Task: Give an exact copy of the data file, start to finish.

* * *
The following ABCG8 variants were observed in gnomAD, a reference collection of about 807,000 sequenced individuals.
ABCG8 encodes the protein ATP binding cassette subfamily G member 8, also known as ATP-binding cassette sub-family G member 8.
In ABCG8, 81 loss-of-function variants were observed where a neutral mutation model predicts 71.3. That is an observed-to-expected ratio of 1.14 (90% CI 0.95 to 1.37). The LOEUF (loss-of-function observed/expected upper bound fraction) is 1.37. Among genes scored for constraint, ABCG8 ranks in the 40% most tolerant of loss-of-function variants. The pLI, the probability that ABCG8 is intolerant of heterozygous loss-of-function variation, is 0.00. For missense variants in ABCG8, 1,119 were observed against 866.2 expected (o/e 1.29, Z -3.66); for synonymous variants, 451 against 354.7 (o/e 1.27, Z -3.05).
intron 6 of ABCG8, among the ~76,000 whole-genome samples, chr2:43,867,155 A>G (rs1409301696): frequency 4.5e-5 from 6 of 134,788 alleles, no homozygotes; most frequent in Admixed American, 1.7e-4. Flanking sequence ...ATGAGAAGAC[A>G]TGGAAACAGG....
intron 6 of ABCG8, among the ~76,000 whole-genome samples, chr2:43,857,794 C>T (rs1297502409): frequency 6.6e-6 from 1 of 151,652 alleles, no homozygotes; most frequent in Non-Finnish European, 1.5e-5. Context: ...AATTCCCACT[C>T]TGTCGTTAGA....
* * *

The following ABCG8 variants were observed in gnomAD, a reference collection of about 807,000 sequenced individuals.
ABCG8 encodes the protein ATP binding cassette subfamily G member 8, also known as ATP-binding cassette sub-family G member 8.
In ABCG8, 81 loss-of-function variants were observed where a neutral mutation model predicts 71.3. That is an observed-to-expected ratio of 1.14 (90% CI 0.95 to 1.37). The LOEUF (loss-of-function observed/expected upper bound fraction) is 1.37. Among genes scored for constraint, ABCG8 ranks in the 40% most tolerant of loss-of-function variants. The pLI, the probability that ABCG8 is intolerant of heterozygous loss-of-function variation, is 0.00. For missense variants in ABCG8, 1,119 were observed against 866.2 expected (o/e 1.29, Z -3.66); for synonymous variants, 451 against 354.7 (o/e 1.27, Z -3.05).
intron 6 of ABCG8, among the ~76,000 whole-genome samples, chr2:43,867,155 A>G (rs1409301696): frequency 4.5e-5 from 6 of 134,788 alleles, no homozygotes; most frequent in Admixed American, 1.7e-4. Flanking sequence ...ATGAGAAGAC[A>G]TGGAAACAGG....
intron 6 of ABCG8, among the ~76,000 whole-genome samples, chr2:43,857,794 C>T (rs1297502409): frequency 6.6e-6 from 1 of 151,652 alleles, no homozygotes; most frequent in Non-Finnish European, 1.5e-5. Context: ...AATTCCCACT[C>T]TGTCGTTAGA....